As I begin to describe the picture quality of this fine New Line Platinum disc, I'll mention the use of color in the film first as it is pertinent. Bright, often day-glo colors predominate, especially during the early '60s scenes but are common throughout. There isn't much of anything dark in the film, but whites and bold colors are predominate. These colors are brought out beautifully on this anamorphic transfer; bold and vivid as they should be without any hint of blooming, bleeding, or smearing. The detail level is very sharp, though a hint of noise betrays its earlier incarnation in the DVD format. However, that level of noise is so minuscule as to be nearly non-existent. The two sided disc has a heavily cropped pan&scan transfer on the flip side; which I never review but does have similar picture quality for the half of the picture that is still there. The anamorphic widescreen transfer is presented in the original 2.0:1 aspect ratio.
The Dolby Digital 5.1 soundtrack is pretty much flawless; with a high degree of clarity, aggressive use of all channels, and great spaciousness and directionality. The directionality even extends to the commentary track with star/screenwriter/co-producer Mike Myers and director Jay Roach, as Myers speaks from the right channel and Roach from the left.
A fun and interesting commentary track it is too; leading a collection of quality extra content that the New Line Platinum series is known for. Both seem to be having a great time talking about the film, but give plenty of information about the comedic ideas for the film and how scenes were done, and even admitting where they felt mistakes were made. Besides this excellent commentary are deleted scenes including a scene aboard the psychedelic jet, a Rob Lowe cameo, and two alternate James Bond-like endings. Cast and crew information also has hidden trailers you can access from this menu. Everything on the disc is presented in a fun and entertaining way. There is a cameo section which takes you to all the numerous cameo spots done by well known actors, and a short Q&A section leading to a psychedelic "Music to Shag By" section. The theatrical trailer rounds out the extra content. All told a fantastic package that promises good times for anyone who brings this disc home.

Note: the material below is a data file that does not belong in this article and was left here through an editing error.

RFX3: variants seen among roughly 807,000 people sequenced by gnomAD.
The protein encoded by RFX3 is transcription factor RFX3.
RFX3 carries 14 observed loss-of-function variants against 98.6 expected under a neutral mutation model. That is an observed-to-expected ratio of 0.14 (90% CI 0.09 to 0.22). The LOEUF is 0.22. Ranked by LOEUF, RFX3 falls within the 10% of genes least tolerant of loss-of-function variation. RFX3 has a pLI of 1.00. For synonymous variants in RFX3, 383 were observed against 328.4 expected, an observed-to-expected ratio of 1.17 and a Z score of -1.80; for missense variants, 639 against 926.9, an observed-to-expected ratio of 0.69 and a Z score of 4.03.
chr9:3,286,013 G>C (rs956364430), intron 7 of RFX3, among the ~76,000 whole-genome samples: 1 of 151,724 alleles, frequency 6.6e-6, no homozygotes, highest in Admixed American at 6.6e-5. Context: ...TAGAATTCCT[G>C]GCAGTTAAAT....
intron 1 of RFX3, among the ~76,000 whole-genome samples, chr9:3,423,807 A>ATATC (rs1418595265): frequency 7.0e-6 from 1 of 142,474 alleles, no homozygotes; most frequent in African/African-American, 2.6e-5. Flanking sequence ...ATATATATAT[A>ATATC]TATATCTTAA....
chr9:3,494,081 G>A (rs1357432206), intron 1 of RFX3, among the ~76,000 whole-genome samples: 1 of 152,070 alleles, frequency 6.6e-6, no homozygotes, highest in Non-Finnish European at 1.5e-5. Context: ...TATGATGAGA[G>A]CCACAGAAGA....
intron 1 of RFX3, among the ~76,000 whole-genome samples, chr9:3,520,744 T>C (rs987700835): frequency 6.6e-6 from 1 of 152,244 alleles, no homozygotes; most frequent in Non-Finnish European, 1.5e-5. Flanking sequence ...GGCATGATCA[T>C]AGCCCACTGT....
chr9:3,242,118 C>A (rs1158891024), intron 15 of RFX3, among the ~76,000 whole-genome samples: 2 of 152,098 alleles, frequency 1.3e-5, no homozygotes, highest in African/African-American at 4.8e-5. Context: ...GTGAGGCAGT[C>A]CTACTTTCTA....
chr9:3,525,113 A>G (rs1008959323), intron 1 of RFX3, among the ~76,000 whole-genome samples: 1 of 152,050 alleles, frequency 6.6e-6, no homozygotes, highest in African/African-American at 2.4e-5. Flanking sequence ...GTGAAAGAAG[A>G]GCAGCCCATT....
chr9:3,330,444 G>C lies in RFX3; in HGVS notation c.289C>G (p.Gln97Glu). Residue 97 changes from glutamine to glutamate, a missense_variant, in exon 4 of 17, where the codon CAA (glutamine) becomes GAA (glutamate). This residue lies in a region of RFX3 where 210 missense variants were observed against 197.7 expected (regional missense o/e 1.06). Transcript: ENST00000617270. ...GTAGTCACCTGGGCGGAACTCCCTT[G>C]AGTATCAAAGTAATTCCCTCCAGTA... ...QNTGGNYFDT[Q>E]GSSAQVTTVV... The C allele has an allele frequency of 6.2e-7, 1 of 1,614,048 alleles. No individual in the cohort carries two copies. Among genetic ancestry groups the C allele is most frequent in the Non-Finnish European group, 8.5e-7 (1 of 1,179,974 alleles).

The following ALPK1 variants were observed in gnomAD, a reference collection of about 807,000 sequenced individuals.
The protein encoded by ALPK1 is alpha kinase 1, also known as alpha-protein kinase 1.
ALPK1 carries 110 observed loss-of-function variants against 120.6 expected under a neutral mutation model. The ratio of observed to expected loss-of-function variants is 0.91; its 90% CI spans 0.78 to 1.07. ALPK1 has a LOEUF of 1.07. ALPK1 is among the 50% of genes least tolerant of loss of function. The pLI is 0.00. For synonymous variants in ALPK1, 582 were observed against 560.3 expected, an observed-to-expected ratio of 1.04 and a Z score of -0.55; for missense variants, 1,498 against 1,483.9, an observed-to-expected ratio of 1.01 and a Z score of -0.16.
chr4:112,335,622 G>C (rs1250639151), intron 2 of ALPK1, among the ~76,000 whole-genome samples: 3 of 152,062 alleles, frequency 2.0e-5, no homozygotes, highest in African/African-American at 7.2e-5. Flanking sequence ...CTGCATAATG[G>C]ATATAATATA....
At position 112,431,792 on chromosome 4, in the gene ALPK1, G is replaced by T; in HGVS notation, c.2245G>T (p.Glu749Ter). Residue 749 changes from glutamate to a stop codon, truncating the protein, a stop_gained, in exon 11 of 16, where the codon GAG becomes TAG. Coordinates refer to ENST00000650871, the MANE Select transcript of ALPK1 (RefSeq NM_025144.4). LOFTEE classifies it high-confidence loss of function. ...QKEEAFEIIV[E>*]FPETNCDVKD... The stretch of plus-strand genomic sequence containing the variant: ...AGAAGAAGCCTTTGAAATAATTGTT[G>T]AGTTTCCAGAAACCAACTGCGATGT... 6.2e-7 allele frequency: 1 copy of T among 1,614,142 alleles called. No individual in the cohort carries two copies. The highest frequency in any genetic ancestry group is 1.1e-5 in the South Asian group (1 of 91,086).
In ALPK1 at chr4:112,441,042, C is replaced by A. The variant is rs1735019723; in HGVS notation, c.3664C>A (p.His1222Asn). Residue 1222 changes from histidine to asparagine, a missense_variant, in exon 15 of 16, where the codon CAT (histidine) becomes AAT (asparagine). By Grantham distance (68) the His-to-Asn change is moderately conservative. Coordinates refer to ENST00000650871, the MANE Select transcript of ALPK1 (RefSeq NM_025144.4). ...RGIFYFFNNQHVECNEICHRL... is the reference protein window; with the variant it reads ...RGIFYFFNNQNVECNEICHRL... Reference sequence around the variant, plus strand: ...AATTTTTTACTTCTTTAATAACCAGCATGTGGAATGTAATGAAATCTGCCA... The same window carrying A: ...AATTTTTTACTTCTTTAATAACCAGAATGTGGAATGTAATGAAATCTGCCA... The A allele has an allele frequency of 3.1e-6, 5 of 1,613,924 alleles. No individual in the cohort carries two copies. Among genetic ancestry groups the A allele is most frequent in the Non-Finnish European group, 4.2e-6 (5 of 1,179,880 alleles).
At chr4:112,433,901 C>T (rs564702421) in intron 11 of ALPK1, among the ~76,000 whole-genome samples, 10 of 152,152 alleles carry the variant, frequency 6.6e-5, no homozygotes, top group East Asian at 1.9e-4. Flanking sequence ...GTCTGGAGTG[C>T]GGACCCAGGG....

It is certainly true that this disc doesn't have quite the level of innovation and superb menus and extras that came on the sequel Austin Powers: The Spy Who Shagged Me. But the film itself is much funnier and for that reason I prefer this disc. Otherwise I have no complaints and as I said this review was done because I felt such a great disc deserved a review and had been overlooked.
A very funny film, great picture and sound, and high quality extras; what more do you want? I heartily recommend this disc and if you haven't already bought it then you should give it a second look. New buyers for DVD would be well advised to purchase this disc as one of the first series of discs they buy to introduce themselves to the format.
It aint Shakespeare, but it gets my vote! Case dismissed, and New Line is commended for the consistently great work they've done and the high standard they set even early on with their Platinum Series.
Review content copyright © 2000 Norman Short; Site layout and review format copyright © 1998 - 2016 HipClick Designs LLC
Scales of Justice
Studio: New Line
* 2.00:1 Anamorphic
* Dolby Digital 5.1 Surround (English)
* Dolby Digital 2.0 Surround (French)
Running Time: 90 Minutes
Release Year: 1997
MPAA Rating: Rated PG-13
* Commentary Track
* Deleted Scenes
* Cast and Crew Info
* Cameo Scene Access
* Joke Question Section